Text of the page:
Under a compromise approved by the Senate, the 96 workers employed by the restaurants have the option of keeping their jobs under a private vendor or accepting a $25,000 buyout. Feinstein said that about half of the employees are expected to take the buyout.
Under Feinstein's plan, the Senate cafeterias will be run by New York City-based Restaurant Associates, the same company that has been livening things up in the House cafeterias this year.
In the Members Dining Room, there are new specials made with local ingredients and a three-course, state-themed prix fixe or a la carte menu, along with new U.S.-made china, silver and glassware.
There's new paint and lighting. At the Longworth Food Court, there's a new salad bar, two new soup stations, a made-to-order omelet station and an "international table" featuring food from other countries and cultures. At the Rayburn Cafeteria, there's a new buy-by-the-ounce breakfast bar, new melted sandwiches and daily specials featuring stir fry, pasta, taqueria, Cesar salad and "sustainable" seafood. At the Rayburn Deli, there are new tables and chairs and new offerings such as "Mediterranean Flatbreads" and pressed sandwiches.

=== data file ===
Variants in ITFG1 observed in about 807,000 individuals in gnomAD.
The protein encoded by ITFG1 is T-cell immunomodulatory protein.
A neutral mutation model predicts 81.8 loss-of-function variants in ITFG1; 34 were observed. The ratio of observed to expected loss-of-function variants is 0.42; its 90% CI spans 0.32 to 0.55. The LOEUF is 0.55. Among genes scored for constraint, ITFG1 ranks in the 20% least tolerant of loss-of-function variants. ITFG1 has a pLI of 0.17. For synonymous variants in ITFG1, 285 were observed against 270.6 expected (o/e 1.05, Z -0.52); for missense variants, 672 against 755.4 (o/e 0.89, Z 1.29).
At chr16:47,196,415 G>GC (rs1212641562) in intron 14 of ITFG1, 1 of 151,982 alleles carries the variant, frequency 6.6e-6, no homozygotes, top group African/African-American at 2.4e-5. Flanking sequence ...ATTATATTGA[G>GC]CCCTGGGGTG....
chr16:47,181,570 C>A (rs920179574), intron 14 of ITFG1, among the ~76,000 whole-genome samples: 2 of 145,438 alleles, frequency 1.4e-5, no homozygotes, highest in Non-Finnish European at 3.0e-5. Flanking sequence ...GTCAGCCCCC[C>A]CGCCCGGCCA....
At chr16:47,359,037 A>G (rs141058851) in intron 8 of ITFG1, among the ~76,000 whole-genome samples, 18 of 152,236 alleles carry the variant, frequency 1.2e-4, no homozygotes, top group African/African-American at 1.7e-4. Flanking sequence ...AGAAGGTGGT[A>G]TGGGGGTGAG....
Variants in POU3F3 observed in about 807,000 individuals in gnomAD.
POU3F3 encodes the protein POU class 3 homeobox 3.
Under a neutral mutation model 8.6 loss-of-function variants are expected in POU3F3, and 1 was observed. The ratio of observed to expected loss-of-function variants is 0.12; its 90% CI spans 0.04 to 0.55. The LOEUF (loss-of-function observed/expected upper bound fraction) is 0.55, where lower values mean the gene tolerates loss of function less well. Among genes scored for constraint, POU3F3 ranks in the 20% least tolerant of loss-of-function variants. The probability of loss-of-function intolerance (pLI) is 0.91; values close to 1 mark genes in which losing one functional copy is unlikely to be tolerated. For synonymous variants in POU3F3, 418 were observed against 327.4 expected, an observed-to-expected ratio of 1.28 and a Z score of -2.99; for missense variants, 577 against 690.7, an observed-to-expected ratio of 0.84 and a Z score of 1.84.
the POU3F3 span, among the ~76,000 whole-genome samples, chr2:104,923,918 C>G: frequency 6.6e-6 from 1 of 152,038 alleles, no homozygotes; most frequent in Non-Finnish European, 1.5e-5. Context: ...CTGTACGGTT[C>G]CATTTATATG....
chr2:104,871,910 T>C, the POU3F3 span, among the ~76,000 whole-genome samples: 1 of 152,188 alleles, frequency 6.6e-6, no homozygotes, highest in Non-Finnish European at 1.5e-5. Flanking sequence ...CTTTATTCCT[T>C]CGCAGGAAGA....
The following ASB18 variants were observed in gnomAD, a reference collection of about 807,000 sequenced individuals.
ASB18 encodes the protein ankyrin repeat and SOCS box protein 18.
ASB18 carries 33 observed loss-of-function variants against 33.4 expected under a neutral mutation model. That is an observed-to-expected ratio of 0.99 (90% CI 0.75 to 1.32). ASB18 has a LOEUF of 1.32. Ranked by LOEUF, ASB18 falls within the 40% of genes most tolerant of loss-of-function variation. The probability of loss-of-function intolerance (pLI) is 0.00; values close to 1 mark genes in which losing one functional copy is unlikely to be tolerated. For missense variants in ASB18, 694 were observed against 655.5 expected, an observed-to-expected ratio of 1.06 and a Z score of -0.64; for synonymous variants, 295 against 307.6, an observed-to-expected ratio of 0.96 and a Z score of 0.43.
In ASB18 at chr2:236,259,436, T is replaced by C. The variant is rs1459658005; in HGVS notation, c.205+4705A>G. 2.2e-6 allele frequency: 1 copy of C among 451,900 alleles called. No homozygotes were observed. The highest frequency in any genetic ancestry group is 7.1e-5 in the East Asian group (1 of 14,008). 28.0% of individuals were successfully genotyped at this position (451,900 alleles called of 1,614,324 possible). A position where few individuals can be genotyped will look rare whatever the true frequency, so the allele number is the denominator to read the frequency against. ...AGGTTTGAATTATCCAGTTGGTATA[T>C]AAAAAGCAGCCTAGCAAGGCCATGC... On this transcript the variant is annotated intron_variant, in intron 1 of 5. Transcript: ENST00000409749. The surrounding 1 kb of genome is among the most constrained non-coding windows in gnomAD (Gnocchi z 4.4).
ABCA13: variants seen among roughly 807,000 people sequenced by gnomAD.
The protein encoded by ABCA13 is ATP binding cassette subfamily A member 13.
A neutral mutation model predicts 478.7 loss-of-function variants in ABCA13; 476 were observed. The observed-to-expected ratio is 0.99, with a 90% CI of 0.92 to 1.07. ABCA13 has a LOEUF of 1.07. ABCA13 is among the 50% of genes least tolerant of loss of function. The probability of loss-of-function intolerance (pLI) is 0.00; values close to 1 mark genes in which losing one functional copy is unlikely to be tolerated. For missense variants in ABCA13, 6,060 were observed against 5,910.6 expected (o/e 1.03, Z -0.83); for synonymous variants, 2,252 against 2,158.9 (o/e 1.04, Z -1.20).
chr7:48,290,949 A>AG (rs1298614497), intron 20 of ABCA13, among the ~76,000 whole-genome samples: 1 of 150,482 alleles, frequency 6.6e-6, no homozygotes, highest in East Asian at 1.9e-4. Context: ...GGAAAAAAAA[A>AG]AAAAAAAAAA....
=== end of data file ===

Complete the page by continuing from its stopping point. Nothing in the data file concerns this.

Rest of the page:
"We didn't get rid of fast-food classics, like chicken fingers, French fries and pizza," said Jeff Ventura, spokesman for the House Office of the Chief Administrative Officer." However, we did eliminate all trans fats and, in the case of the chicken fingers, hormones."
Democratic Rep. Lois Capps of Santa Barbara said she's "thrilled" with the changes.